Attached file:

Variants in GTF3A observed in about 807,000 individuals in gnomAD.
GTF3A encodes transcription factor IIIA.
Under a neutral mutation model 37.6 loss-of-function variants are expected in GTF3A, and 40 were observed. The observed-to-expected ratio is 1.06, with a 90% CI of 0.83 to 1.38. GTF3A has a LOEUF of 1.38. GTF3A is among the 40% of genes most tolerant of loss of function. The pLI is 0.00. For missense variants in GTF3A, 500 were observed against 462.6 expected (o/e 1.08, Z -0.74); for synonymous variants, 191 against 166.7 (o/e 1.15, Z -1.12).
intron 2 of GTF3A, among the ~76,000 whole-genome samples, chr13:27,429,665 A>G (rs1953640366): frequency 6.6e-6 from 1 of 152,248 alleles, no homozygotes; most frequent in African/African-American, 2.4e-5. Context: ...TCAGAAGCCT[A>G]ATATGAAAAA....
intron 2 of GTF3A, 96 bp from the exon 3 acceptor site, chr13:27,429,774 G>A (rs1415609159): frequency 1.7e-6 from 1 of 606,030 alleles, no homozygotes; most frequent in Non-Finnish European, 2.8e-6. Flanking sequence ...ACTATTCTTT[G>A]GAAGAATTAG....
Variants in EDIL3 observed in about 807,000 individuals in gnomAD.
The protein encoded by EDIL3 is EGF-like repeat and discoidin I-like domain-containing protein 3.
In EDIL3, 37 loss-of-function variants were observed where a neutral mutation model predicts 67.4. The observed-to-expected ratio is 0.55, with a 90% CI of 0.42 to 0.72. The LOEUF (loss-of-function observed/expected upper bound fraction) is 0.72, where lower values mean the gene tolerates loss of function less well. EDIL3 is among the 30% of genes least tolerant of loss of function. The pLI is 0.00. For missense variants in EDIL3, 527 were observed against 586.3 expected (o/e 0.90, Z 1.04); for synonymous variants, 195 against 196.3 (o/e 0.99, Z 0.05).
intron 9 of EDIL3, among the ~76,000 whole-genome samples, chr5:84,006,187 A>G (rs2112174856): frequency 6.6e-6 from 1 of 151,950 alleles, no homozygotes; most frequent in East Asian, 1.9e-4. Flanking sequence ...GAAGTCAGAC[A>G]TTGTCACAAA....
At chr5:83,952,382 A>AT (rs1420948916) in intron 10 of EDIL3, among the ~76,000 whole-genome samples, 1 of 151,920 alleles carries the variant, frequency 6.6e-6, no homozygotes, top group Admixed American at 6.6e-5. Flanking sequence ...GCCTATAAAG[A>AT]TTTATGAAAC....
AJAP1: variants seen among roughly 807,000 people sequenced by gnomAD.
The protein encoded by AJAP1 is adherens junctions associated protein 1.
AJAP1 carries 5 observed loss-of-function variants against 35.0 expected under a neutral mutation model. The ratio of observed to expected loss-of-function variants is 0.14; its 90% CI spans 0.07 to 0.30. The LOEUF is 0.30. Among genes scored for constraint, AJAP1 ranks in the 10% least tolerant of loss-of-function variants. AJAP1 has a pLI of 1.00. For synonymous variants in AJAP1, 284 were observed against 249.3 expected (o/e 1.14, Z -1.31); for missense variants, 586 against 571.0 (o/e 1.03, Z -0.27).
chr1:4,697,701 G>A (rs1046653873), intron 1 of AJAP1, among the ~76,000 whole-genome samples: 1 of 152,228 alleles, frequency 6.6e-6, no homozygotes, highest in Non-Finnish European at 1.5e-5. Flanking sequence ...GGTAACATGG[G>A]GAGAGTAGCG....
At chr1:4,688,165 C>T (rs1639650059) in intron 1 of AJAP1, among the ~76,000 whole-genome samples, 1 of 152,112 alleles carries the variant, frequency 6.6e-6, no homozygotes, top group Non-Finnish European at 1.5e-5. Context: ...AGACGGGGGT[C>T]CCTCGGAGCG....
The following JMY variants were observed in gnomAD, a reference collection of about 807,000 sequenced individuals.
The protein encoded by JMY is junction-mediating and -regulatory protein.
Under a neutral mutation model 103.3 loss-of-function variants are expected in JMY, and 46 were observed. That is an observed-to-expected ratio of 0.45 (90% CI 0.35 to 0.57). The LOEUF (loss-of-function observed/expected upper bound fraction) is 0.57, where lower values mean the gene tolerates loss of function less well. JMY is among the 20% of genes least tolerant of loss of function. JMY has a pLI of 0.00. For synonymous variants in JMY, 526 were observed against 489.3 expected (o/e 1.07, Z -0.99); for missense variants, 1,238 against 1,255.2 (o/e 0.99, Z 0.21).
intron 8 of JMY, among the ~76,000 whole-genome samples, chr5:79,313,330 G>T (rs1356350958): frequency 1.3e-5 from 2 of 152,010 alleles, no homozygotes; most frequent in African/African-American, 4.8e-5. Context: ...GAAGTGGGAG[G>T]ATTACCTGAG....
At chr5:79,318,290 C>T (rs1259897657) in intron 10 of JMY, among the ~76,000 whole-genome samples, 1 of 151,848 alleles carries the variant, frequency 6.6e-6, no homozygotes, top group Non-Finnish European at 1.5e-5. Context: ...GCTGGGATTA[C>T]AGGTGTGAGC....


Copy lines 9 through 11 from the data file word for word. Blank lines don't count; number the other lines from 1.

intron 9 of EDIL3, among the ~76,000 whole-genome samples, chr5:84,006,187 A>G (rs2112174856): frequency 6.6e-6 from 1 of 151,950 alleles, no homozygotes; most frequent in East Asian, 1.9e-4. Flanking sequence ...GAAGTCAGAC[A>G]TTGTCACAAA....
At chr5:83,952,382 A>AT (rs1420948916) in intron 10 of EDIL3, among the ~76,000 whole-genome samples, 1 of 151,920 alleles carries the variant, frequency 6.6e-6, no homozygotes, top group Admixed American at 6.6e-5. Flanking sequence ...GCCTATAAAG[A>AT]TTTATGAAAC....
AJAP1: variants seen among roughly 807,000 people sequenced by gnomAD.